The alarm went off and we were up to take on the day with a trip to the Vatican. Up stairs for a leisure breakfast sitting out on the deck of the hotel enjoying the fresh morning breeze. The hustle and bustle of the city from the day before was a contrast to what we were seeing and hearing. A street sweeper made its way through the piazza, trash trucks were picking up refuse from the restaurants and trash containers, and food vendors were making their rounds. Linda commented that people are people, just doing the same thing we do, just in a different place of going to work and making a living.
We grabbed a cab to Vatican square as we were not sure how far it was from our hotel and glad we did. It was only about a $10 Euro ride and he dropped us right at the square. A crew was setting up chairs for the Wednesday papal mass which requires you to have tickets about a month in advance. There are big screens on either side so you can see the Pontiff. We asked for directions to the Scavi tour and everyone said it was on the left side of the columns. It isn’t as obvious as it would seem. We found the security check point and waited about 10 minutes before they started to let us in. We went to the ticket office, and joined a small group of 12 others for the “underground” tour.
There are no pictures allowed and you go down about 4 levels beneath the Vatican to see the original foundations.The passage ways are very narrow and dark. Not for those that get claustrophobic. I was borderline.The Vatican cathedral is built on the grounds of an old cemetery. St. Peter was crucified and buried on a hill not far from the Vatican. Later his remains were transferred to the cemetery and a shrine was built over his internment. The cemetery was active for many years and open to the sky. The more important people were buried along side the road with their name on their grave site. The lesser people were buried further out.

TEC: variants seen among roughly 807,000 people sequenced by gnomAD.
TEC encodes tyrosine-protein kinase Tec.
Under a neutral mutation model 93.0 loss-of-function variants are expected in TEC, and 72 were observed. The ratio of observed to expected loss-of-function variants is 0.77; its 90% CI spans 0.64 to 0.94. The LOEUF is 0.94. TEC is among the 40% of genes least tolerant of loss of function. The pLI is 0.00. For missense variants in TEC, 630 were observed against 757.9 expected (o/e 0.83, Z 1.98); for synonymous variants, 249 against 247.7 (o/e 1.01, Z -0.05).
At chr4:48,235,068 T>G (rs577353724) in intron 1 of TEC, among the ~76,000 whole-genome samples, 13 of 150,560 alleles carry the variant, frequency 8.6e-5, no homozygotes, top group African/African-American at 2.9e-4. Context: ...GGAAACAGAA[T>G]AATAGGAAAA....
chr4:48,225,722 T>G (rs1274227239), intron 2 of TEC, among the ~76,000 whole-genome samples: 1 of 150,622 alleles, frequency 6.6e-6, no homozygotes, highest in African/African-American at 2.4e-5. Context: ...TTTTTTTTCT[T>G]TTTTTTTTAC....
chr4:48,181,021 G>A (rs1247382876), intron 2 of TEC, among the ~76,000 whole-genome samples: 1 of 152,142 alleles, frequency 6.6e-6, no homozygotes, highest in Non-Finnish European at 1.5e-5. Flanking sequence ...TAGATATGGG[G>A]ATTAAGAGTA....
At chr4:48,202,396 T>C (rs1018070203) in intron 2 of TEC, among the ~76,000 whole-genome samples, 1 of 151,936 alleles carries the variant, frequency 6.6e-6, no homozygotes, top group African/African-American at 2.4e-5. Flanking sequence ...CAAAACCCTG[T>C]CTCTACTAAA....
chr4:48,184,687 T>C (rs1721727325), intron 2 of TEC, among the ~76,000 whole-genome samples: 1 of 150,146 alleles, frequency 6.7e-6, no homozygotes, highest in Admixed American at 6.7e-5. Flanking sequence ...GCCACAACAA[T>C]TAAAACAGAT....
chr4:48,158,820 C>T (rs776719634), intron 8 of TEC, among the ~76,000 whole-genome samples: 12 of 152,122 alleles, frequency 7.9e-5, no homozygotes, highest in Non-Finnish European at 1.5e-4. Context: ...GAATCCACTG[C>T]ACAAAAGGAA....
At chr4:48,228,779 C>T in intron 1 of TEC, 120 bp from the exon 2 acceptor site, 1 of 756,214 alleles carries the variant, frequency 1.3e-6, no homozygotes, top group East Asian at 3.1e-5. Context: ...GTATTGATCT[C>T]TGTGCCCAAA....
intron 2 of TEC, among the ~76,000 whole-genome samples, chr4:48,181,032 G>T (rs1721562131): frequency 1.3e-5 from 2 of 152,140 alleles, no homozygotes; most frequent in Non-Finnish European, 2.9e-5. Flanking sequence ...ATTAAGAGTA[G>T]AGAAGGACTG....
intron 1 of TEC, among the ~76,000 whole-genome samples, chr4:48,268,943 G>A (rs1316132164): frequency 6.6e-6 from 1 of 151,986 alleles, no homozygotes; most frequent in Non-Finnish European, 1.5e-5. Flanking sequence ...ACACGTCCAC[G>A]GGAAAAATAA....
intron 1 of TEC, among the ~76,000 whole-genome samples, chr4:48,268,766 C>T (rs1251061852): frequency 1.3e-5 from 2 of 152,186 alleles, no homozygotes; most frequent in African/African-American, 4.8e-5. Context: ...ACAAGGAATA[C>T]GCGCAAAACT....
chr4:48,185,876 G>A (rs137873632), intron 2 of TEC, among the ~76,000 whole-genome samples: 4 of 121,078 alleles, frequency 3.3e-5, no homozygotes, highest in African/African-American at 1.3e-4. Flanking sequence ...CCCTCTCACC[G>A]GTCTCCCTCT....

There were also pagan and Christians buried together in the cemetery, as well as cremains and traditional burials. As the centuries went by more Popes built over the cemetery keeping a central focus point on the top of St. Peters
We had a quick lunch in an out of the way bar and walked back to the hotel to take a long nap along the Tiber River. We must have walked 5 miles.
On the way back to the hotel we past through Campo Di Fiori. Much to our delight an open air market was going on. The locals had come to do their grocery shopping. Bright veggies, fruits, pastas and even fresh squeezed juices. We saw the Pomegranates being turned into bright cups of juice. Yummy!
Dinner comes late for people as most places don’t get going until about 8 PM and stay open late. Thomas who was running the desk gave us a suggestion to try Sabatino’s just around the corner. He said to get anti-pasta for 2 and 1 main course. We did just that. The anti-pasta could have fed 4 people and then we enjoyed the main course. We were so stuffed we felt like we had a rolling gait as we left.
We headed out for the Trevi Fountain which was being renovated. There was still a large crowd even though there wasn’t any water in the fountain. The Spanish Steps were not that far. We kept asking for directions and we finally got to our destination, the Spanish steps. At night in Rome the center city comes to life. Young people dancing and tossing brightly lit glow sticks. Musicians are serenading the crowds and hoping for a few coins. Vendors still have all the trinkets out looking like somewhat of a swap meet. The wind has come up and Christopher and I get a relief from the rather hot day. Tomorrow we head back to see the Sistine Chapel and the main part of the Vatican.